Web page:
Back to school time and heavy on our minds is how to keep our kids healthy. The bacterial and viral bugs pass so easily from child to child and quite often will then spread through the whole home. So let's talk about a simple defense that is slightly famous and yet often underrated, Vitamin C.
Humans are one of the few living organisms that cannot create their own Vitamin C. Even your dog and cat can! It has a role in many functions in our body (1):
Promotes Healthy Skin and Collagen Formation
Improves Iron Absorption
Reduces Risk of Gout
Fights Free Radical Damage
Boosts Immune Function
Enhances Cancer Treatment
Supports Heart Health
Vitamin C, or ascorbic acid, is one of the most easily available supplements you can find. Even fuel stops have been known to have Emergen-C sitting on their counters. However, given the vast price ranges when choosing the supplement, how can you know the best one to choose to get the most immune boost for your buck? Let's take a deeper look right now.
Vitamin C is a water soluble vitamin and therefore doesn’t interact particularly efficiently with the cell membrane wall that is made up of fatty acids (as in water and oil don't mix). Estimates are that oral vitamin C intake has a 20% absorption rate into the bloodstream with the other 80% accumulating in the colon. This is often why it can be associated with digestive complaints such as cramping and diarrhea because it draws water into the colon (2). And actually having a loose stool can be indicative of having saturated your body's ability to uptake oral vitamin C. Also, ascorbic acid can be produced from GMO sources and be synthesized in a lab. So no, just any vitamin C is not going to give you the results you want. And because many tests done do not differentiate between the different types of supplements available, this may explain why Vitamin C is not getting the credit it deserves from many mainstream sources.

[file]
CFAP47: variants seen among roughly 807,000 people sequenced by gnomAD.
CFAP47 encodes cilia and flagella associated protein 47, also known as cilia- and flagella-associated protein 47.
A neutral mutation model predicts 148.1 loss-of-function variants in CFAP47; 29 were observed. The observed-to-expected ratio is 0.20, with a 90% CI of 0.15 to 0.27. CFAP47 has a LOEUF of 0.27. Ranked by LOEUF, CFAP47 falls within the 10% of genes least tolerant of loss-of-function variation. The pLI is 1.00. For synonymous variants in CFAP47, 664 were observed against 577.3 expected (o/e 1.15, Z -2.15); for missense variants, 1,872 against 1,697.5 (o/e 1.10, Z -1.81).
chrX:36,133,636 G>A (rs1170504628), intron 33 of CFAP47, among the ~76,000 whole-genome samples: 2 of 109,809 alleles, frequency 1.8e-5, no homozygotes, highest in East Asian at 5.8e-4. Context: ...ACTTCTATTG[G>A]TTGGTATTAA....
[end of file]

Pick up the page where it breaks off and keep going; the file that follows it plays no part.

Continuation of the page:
My recommendation is to choose a supplement that contains more than just ascorbic acid. Bioflavonoids can often be found to accompany ascorbic acid and are a good indicator of higher quality. Whole foods indicate high quality as well, Acerola cherry is a popular choice since it boasts one of the highest amounts of vitamin C. Berries may also be listed as a source of the bioflavonoids. The use of whole foods allows for integrating more of the components of the vitamin C than just its outer layer, ascorbic acid.
Also choosing liposomal ascorbic acid means that the vitamin has been wrapped in a fatty layer so it can easily assimilate into the cells. The best carrier for liposomal vitamin C is phosphatidyl choline (PC) which helps to hold the liposomes together. The PC should be derived from a non-GMO soy or sunflower lecithin form (2). This can show up as an oil incorporated into the "Other ingredients" or HPMC(capsule).
And of course, labeling such as organic, non-GMO, Allergen Free are all good indicators of a quality supplement.